What is the white build up on my battery posts?

zoom

Member
G'day all,
some advice on why you can find white build up around battery terminals ? I know 1 way to fix it (if only temporarily) bicarb. But , the ultimate Question can it be stopped dead in it's tracks without return.
Thanks for your imput every one
 

Fox Shooter

New Member
Zoom the corrosion is caused by the battery breathing when charging giving off fumes. At my last work when I was maintaining UPS systems, the best we found is made by Holts called Korode Kure in a orange tube. First disconnect the battery and wash the terminals and connections down with hot water to get ride of the build up then wire brush them, and wash down with hot water again. When dry smear the Korode Kure over the terminals and connections then re-connect. After this treatment we never had problems again I also have done this to the batterys in my patrol and no corrosion problems. I have seen this stuff for sale in Autobarn and Supercheap or try your local auto sparky.
Rossco
 
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Pure Yobbo

Moderator
I also found that when you top the battery right up it tends to happen more often.

I have found that CRC battery terminal spray stuff (comes out yellow) seems to work a treat.

I have found boiling water gets rid of it.

This is just how I do it - i'm sure others will have other methods.

Cheers
 

millsy

4x4 Earth Contributer
I've always used vaseline. Pretty sure it works, but once a year, or may be two, probably needs doing again.
 

grit

Member
Vaseline.

clean posts with wire brush or emery paper - apply Vaseline & refit terminals.

from then on, the usual liberal spray of silicone under the bonnet to keep it looking new and to make it real easy to gerni the mud (or dust) off after every outing. Give a little attention to the terminals (silicone spray) and its a thing of the past. Its all in the preparation.

I also use silicone spray under the guards (occasionally) and on exposed mechanicals, the mud literally falls off instantly when pressure washed.
 

millsy

4x4 Earth Contributer
What about on the steering knuckles. A mate suggested this to me last night up at the pool. He has a Maverick and just had to have the seals replaced. A mechanic told me to not grease them on the outside because it just picks up the dirt and dust. He said just to use degreaser to keep them clean and dry. Then my mate suggested using silicone spray. Sounds good, would you agree?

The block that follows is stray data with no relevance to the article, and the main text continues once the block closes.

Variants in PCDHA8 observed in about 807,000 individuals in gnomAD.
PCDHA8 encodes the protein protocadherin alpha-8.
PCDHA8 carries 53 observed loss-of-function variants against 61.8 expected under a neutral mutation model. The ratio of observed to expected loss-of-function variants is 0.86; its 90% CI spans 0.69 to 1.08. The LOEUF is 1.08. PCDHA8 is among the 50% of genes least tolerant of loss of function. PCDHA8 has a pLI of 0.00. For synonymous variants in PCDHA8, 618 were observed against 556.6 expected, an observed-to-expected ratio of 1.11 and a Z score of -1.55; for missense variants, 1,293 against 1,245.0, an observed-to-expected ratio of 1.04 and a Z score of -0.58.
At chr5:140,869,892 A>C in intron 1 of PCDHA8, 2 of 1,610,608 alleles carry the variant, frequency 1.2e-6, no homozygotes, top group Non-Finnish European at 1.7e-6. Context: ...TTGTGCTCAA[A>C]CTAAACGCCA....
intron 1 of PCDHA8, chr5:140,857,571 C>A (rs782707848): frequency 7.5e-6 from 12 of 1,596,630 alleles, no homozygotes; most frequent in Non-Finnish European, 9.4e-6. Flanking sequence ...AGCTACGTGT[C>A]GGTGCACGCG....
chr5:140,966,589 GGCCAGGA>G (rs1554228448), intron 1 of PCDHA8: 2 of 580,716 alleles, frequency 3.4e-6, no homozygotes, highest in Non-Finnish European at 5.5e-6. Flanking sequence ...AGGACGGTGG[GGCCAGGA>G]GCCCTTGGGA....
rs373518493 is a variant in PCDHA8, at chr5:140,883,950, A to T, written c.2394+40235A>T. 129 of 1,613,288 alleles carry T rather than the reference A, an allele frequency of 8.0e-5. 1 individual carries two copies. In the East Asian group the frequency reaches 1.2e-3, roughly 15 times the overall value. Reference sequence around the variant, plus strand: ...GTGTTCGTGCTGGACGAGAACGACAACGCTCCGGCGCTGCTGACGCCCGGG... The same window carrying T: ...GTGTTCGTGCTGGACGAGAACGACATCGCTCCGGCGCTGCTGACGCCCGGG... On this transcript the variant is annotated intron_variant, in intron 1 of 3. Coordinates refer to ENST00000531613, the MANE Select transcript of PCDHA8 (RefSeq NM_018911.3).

millsy

4x4 Earth Contributer
Thanks Kenny Koala! Thats another job to add to the list. But good to know its worth doing and will work!
 

zoom

Member
Thanks all for the input , sorry I took soooooooo long to give thanks , have been watching site , but honestly been slack
 

grit

Member
What about on the steering knuckles. A mate suggested this to me last night up at the pool. He has a Maverick and just had to have the seals replaced. A mechanic told me to not grease them on the outside because it just picks up the dirt and dust. He said just to use degreaser to keep them clean and dry. Then my mate suggested using silicone spray. Sounds good, would you agree?

While Silicon Spray does attract small particles it would be minimal compared to grease or lanolin and would clean off easily.
 

drivesafe

Active Member
I do a lot of electrical work around vehicles and by far the best treatment for battery terminals is lanolin spray.

It’s good for any 12 volt electrical connections that are exposed to the elements, it can also be used as a lubricant metal and plastic hinges and other joints. Great stuff for stopping plastic joints from squeaking.

It will also stop rust occurring on exposed metal and where rusting has already begun, it will stop it going any further.

The best lanolin spray I’ve found is the stuff Briggs & Stratton market, you can get it from most lawn mower outlets.

The trick with lanolin is to spray it on and then let it dry for few days, it then gives a dry air tight seal on things like battery terminals.
 

Jarh73

New Member
Vaseline works a treat, I find that you put it on it looks kinda messy but with the under bonnet heat it melts and smooths its self out and you can hardly tell it is there.

Cheers

Justin
 

Croozer

5th Annual Victorian Gathering member
I work with forklifts and cranes and the best thing I have found is what Yobbo suggested. We use a spray and it keeps the build up away for a good period of time. It is nearly impossable to stop permantly. With good regular battery maintinance it can be no problem what so ever.
 
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